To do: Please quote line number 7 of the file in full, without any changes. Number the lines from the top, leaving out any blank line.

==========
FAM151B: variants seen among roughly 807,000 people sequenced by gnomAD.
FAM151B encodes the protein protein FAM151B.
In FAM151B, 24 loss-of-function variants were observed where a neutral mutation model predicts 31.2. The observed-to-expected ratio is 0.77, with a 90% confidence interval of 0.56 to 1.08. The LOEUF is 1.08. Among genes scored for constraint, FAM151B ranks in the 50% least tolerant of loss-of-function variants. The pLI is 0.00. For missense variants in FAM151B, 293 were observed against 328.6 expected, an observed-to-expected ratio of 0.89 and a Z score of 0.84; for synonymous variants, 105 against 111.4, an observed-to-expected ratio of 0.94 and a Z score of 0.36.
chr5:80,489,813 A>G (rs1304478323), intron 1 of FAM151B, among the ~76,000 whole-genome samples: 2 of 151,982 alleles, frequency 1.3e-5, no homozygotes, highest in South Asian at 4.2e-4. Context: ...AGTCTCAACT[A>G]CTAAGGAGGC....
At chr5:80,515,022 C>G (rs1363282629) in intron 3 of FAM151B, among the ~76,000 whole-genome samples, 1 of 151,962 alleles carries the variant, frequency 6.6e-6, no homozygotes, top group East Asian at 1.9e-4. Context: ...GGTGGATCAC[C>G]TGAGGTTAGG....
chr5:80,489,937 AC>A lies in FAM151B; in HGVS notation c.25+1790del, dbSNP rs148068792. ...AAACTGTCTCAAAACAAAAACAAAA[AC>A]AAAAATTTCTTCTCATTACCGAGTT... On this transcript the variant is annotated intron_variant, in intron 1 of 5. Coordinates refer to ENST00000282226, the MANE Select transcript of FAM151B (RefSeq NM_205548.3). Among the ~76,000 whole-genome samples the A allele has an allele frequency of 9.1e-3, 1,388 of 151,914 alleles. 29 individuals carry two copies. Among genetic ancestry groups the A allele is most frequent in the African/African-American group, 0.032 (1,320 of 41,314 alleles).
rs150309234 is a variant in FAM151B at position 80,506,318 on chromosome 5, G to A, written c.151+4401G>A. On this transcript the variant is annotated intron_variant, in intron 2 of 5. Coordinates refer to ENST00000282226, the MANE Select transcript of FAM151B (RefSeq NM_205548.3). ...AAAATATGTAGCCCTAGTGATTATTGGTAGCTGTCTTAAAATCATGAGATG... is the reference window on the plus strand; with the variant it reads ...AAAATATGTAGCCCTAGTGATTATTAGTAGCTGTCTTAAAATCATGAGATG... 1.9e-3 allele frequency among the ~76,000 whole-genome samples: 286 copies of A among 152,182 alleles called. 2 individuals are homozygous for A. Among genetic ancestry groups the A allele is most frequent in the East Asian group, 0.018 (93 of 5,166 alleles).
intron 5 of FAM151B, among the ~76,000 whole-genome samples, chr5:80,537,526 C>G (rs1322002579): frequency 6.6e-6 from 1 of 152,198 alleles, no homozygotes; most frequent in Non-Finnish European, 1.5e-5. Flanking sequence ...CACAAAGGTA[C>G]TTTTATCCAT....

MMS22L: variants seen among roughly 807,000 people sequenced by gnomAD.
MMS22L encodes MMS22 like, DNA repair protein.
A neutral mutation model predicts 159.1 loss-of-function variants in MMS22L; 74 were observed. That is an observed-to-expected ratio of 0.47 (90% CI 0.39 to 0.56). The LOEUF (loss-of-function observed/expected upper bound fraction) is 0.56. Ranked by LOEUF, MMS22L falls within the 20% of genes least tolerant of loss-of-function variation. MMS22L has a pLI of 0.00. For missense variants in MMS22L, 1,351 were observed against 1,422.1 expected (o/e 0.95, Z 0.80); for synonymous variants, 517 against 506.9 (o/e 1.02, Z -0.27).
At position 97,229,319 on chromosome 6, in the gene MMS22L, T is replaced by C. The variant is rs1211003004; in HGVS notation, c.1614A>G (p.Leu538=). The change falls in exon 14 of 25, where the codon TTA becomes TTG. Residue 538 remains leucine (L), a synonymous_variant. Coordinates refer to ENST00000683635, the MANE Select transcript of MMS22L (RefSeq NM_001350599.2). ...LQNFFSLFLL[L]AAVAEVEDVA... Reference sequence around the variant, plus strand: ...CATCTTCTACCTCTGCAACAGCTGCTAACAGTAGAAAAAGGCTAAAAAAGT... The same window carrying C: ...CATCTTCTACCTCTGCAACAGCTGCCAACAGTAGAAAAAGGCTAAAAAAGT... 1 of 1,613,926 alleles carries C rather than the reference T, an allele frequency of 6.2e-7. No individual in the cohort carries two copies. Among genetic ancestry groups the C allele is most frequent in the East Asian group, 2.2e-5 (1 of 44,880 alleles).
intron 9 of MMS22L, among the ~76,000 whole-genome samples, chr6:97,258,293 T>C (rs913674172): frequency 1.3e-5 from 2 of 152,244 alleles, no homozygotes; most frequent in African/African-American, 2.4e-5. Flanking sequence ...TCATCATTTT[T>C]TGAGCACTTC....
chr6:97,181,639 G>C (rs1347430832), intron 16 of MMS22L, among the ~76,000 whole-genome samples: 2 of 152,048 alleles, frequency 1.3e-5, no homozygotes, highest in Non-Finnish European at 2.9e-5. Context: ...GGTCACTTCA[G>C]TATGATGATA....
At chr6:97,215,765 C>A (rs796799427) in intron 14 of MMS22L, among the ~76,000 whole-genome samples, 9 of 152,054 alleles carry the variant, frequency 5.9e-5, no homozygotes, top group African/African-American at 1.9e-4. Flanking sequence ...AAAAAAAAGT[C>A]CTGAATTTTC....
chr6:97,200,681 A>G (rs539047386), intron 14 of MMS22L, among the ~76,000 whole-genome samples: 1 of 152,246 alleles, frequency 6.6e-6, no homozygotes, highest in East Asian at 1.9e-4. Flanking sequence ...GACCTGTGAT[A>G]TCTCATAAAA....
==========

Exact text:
rs150309234 is a variant in FAM151B at position 80,506,318 on chromosome 5, G to A, written c.151+4401G>A. On this transcript the variant is annotated intron_variant, in intron 2 of 5. Coordinates refer to ENST00000282226, the MANE Select transcript of FAM151B (RefSeq NM_205548.3). ...AAAATATGTAGCCCTAGTGATTATTGGTAGCTGTCTTAAAATCATGAGATG... is the reference window on the plus strand; with the variant it reads ...AAAATATGTAGCCCTAGTGATTATTAGTAGCTGTCTTAAAATCATGAGATG... 1.9e-3 allele frequency among the ~76,000 whole-genome samples: 286 copies of A among 152,182 alleles called. 2 individuals are homozygous for A. Among genetic ancestry groups the A allele is most frequent in the East Asian group, 0.018 (93 of 5,166 alleles).